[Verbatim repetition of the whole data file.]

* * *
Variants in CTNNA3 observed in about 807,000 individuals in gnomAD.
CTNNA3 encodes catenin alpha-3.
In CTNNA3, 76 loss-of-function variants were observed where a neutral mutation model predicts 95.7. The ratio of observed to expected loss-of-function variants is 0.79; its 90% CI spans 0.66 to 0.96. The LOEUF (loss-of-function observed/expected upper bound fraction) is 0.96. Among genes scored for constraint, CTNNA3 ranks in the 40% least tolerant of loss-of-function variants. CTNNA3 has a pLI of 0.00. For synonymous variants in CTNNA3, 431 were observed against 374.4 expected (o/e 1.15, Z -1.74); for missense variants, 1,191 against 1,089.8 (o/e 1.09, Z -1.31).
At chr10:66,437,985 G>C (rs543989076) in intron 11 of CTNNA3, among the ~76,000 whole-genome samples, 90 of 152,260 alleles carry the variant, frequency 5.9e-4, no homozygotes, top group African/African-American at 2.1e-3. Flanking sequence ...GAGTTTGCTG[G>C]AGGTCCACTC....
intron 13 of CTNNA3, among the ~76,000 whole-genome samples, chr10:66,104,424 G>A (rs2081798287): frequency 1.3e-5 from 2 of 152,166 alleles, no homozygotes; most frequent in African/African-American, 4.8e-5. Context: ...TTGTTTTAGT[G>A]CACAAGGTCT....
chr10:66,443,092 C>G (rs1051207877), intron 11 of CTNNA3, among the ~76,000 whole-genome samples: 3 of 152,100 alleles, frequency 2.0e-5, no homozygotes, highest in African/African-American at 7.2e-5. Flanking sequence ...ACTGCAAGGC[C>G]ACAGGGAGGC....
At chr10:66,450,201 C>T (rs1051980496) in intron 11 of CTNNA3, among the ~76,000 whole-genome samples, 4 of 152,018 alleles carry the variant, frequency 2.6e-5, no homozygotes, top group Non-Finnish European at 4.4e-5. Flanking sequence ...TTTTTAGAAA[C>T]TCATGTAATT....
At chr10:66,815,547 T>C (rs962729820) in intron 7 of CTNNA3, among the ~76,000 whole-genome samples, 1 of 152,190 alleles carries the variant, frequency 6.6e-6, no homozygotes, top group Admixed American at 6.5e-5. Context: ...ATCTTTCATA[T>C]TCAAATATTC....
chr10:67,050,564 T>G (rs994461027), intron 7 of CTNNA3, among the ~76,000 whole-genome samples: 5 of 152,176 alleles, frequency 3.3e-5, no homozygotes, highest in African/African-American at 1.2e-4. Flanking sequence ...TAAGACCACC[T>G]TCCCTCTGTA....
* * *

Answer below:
Variants in CTNNA3 observed in about 807,000 individuals in gnomAD.
CTNNA3 encodes catenin alpha-3.
In CTNNA3, 76 loss-of-function variants were observed where a neutral mutation model predicts 95.7. The ratio of observed to expected loss-of-function variants is 0.79; its 90% CI spans 0.66 to 0.96. The LOEUF (loss-of-function observed/expected upper bound fraction) is 0.96. Among genes scored for constraint, CTNNA3 ranks in the 40% least tolerant of loss-of-function variants. CTNNA3 has a pLI of 0.00. For synonymous variants in CTNNA3, 431 were observed against 374.4 expected (o/e 1.15, Z -1.74); for missense variants, 1,191 against 1,089.8 (o/e 1.09, Z -1.31).
At chr10:66,437,985 G>C (rs543989076) in intron 11 of CTNNA3, among the ~76,000 whole-genome samples, 90 of 152,260 alleles carry the variant, frequency 5.9e-4, no homozygotes, top group African/African-American at 2.1e-3. Flanking sequence ...GAGTTTGCTG[G>C]AGGTCCACTC....
intron 13 of CTNNA3, among the ~76,000 whole-genome samples, chr10:66,104,424 G>A (rs2081798287): frequency 1.3e-5 from 2 of 152,166 alleles, no homozygotes; most frequent in African/African-American, 4.8e-5. Context: ...TTGTTTTAGT[G>A]CACAAGGTCT....
chr10:66,443,092 C>G (rs1051207877), intron 11 of CTNNA3, among the ~76,000 whole-genome samples: 3 of 152,100 alleles, frequency 2.0e-5, no homozygotes, highest in African/African-American at 7.2e-5. Flanking sequence ...ACTGCAAGGC[C>G]ACAGGGAGGC....
At chr10:66,450,201 C>T (rs1051980496) in intron 11 of CTNNA3, among the ~76,000 whole-genome samples, 4 of 152,018 alleles carry the variant, frequency 2.6e-5, no homozygotes, top group Non-Finnish European at 4.4e-5. Flanking sequence ...TTTTTAGAAA[C>T]TCATGTAATT....
At chr10:66,815,547 T>C (rs962729820) in intron 7 of CTNNA3, among the ~76,000 whole-genome samples, 1 of 152,190 alleles carries the variant, frequency 6.6e-6, no homozygotes, top group Admixed American at 6.5e-5. Context: ...ATCTTTCATA[T>C]TCAAATATTC....
chr10:67,050,564 T>G (rs994461027), intron 7 of CTNNA3, among the ~76,000 whole-genome samples: 5 of 152,176 alleles, frequency 3.3e-5, no homozygotes, highest in African/African-American at 1.2e-4. Flanking sequence ...TAAGACCACC[T>G]TCCCTCTGTA....